She never finished high school. She doesn’t have a GED. Yet, next month, Jennifer Chen will be graduating from FIU with a medical degree.
How is that possible? You’re not the only who’s been asking.
On their last year of medical school, students traditionally go on interviews with residency programs where they are considering continuing their medical training. Imagine the look on the interviewers’ faces when Chen would volunteer that despite being close to graduating from medical school, she never graduated from high school.
“They would look up from their papers and stare at me,” she says. Then they’d ask, “Can you explain how you did that?”
Not easy to do, but easy to explain.
Chen, who admits to being “kind of a nerd” in high school, skipped 10th through 12th grades. Only 14 years old, she went straight from 9th grade into the Early Entrance Program at California State University, Los Angeles. Five years later she had her bachelor’s in biology, but realized her youth made it difficult to get into medical school; so she took off a year to do research.
At the age of 20, she was accepted and got a scholarship to the Herbert Wertheim College of Medicine (HWCOM).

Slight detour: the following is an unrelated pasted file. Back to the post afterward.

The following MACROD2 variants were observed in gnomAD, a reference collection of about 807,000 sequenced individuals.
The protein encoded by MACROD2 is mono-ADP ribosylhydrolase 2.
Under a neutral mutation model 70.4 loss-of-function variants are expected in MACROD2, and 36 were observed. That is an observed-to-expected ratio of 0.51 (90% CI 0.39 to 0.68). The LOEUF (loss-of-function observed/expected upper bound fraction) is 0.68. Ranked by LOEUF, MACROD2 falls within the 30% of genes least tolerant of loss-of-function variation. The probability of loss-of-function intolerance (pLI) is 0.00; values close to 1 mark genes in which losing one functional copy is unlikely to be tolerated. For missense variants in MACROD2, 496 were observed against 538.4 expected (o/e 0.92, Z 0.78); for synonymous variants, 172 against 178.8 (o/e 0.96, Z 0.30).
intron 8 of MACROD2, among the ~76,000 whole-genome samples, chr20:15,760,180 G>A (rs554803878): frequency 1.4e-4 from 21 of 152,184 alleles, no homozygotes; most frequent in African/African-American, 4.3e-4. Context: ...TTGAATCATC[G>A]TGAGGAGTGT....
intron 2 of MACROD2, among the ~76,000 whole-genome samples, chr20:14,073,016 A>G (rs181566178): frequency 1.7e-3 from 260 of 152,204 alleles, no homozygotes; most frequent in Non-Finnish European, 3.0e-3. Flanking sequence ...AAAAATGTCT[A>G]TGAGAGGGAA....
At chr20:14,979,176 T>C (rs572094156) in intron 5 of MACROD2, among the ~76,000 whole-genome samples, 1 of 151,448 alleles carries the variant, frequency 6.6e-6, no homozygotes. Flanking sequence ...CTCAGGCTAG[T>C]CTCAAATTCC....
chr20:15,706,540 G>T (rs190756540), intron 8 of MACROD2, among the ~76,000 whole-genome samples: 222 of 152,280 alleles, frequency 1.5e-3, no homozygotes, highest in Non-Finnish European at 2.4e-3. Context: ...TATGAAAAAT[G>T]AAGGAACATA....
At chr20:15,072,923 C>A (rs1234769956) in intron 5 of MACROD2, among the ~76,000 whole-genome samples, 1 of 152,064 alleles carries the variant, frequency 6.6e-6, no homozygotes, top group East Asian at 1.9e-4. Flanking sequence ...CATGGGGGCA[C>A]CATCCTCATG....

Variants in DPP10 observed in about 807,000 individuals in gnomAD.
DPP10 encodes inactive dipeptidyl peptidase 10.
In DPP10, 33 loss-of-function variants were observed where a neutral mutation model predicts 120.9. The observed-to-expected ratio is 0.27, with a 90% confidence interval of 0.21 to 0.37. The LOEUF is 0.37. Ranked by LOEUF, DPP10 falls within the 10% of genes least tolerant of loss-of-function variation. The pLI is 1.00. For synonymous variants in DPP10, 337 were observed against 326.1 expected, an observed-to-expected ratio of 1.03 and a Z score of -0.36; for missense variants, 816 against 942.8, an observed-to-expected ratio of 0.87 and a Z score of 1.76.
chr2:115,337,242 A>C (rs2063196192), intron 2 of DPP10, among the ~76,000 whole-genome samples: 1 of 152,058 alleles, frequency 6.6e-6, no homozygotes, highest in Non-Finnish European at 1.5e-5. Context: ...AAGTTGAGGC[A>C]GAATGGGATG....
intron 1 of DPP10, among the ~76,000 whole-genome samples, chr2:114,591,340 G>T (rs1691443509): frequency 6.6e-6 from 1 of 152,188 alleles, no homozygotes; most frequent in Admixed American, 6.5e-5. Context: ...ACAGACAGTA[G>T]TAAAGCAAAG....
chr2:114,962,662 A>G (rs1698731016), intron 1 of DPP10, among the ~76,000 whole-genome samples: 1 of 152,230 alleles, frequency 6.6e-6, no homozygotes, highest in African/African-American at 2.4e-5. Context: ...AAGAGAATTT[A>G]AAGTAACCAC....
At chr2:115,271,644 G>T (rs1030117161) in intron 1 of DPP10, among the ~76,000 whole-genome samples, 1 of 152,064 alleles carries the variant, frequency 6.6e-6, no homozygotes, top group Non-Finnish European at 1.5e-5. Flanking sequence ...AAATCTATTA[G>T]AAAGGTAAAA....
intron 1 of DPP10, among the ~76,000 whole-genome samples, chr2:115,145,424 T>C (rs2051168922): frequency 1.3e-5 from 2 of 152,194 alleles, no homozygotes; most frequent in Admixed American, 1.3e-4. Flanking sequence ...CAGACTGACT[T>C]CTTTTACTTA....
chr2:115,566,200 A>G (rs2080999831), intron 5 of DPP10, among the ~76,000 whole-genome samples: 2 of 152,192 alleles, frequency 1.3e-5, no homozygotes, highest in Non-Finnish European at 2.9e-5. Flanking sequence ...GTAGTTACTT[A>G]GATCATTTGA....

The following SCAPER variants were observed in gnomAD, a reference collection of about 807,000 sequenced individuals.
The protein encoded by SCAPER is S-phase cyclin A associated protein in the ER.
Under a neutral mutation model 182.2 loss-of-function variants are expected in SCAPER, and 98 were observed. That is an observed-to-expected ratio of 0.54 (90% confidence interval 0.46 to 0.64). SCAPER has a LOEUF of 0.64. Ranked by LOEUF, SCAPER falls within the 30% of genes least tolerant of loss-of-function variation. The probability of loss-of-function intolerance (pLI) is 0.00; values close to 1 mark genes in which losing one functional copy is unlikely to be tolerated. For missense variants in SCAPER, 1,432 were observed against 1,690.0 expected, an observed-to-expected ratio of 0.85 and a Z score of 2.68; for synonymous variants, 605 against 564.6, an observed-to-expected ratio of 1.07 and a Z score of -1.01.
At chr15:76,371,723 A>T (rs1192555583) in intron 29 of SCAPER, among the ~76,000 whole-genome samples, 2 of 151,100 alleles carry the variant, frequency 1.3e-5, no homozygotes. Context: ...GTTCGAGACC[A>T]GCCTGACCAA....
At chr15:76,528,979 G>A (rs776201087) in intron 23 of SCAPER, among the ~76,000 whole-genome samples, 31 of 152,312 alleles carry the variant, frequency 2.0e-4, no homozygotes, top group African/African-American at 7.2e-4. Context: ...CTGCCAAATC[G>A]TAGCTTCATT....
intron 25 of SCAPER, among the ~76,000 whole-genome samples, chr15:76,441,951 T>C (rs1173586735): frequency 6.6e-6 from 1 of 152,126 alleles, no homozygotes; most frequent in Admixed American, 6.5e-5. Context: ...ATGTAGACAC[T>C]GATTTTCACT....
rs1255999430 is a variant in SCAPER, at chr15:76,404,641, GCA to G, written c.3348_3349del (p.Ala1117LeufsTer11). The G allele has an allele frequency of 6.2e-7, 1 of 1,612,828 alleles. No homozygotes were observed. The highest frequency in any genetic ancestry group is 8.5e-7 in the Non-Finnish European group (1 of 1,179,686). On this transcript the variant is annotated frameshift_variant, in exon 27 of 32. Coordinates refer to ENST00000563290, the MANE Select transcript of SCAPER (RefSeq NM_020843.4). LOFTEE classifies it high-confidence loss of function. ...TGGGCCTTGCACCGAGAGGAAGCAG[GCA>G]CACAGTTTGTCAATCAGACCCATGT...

“I was lucky that FIU took a risk [with someone so young] and accepted me,” she says.
It is here she became interested in pursuing radiology.
“All the surgeons are going to kill me, but I think it’s really cool that you can look into people’s body without cutting into them,” she says.
Last month, on Match Day, Chen learned she’d been accepted into a surgical residency at the University of California, Riverside, followed by a residency in radiology at Santa Barbara Cottage Hospital. Both are in Southern California where her family lives and she’s glad to be going back, closer to home.
The Match Day Ceremony is traditionally followed by a reception that includes celebratory Champagne. Chen, who looks like a teenager, had to show the server her driver’s license before she’d serve her a glass of bubbly.
Next month on graduation day, Chen will be 8,969 days old and will officially become the HWCOM’s youngest graduate beating the previous youngest by 95 days.
At 24, the average age for a person entering medical school, she will have earned the right to be called Dr. Jennifer Chen.